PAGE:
One of the more influential professors in my life at Berkeley, though I was not one of his students, and in fact never took a course from him, was Chalmers Ashby Johnsonwho was both a Japan and China specialist. Chalmers Johnson as he was generally known stayed as a professor in the Department of Political Science from after obtaining his MA and PhD in the department in and Johnson met and married Sheila K.
Johnson b when both were students, she an undergraduate in the Department of Anthropology, and he a freshly minted MA in studying for his doctorate. I did not know Sheila while I was at Berkeley, but became acquainted with her after I had settled in Japan, on occasions when she came to Japan with Chalmers. Chalmers had the image of a "conservative" opinionist while I was a student at Berkeley.
I knew other students who had taken a course or two from him, and who were "leftists", and as such they harbored grudges about what they considered his "rightist" views of Japan and China. My impression is that Chalmers became less conservative, and even a bit radical, later in his career, especially after he "retired" from UC Berkeley and took a chair at UC San Diego.
From about this point he began to allege that the imperial ambitions of the United States were a threat to the world. The United States maintained more than military bases, several of them in Japan.
He concluded that Okinawa was essentially an occupied territory. Sheila, writing a year after his death, began with this remark about his life Sheila K. In going through my husband's files, books, and papers after his death, I've been forcibly struck by two things. First, contrary to what many of his obituaries said, his writings and thoughts were remarkably consistent throughout his life. In other words, he was not a right-winger who became more liberal and outspoken as he got older. More than most people suspected, he was a radical all along, whose intellectual impulses were tempered only by his birth in the Depression year of and his determination to make a decent living without "joining the establishment.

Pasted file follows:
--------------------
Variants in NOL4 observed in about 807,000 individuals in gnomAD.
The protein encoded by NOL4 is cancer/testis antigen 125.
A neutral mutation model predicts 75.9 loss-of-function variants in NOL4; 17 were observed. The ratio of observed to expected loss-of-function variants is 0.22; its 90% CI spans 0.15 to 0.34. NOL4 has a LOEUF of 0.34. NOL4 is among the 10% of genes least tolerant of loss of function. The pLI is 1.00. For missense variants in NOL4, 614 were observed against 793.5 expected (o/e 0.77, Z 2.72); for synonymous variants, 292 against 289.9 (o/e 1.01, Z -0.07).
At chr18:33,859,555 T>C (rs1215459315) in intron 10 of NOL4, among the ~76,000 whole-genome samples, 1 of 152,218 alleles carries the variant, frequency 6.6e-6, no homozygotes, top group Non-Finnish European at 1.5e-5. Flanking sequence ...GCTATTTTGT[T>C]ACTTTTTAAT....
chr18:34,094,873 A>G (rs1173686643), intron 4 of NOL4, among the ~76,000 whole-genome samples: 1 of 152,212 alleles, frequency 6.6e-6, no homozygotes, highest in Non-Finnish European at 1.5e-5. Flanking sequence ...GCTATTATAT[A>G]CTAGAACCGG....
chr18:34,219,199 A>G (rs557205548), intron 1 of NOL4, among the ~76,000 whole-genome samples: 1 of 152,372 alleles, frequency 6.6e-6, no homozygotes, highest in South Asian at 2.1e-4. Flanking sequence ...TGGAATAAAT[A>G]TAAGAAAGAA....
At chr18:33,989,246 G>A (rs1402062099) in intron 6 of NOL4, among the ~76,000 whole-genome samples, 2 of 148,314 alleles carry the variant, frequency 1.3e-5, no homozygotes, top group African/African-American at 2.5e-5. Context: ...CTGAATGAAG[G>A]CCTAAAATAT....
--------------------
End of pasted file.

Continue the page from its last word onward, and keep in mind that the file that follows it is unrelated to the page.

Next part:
I can testify to his maniacal enthusiasm. No room I was in with Chalmers ever fell silent. His lectures never induced sleep. If no one spoke, he kept talking until he provoked someone to speak.
As for Sheila's impression that her late husband was determined not to live without "joining the establishment", Sheila fails to mention that, in the late s and early s, he was a consultant for the CIA. She testifies to a streak of radicalism that apparently Chalmers cloaked for many years.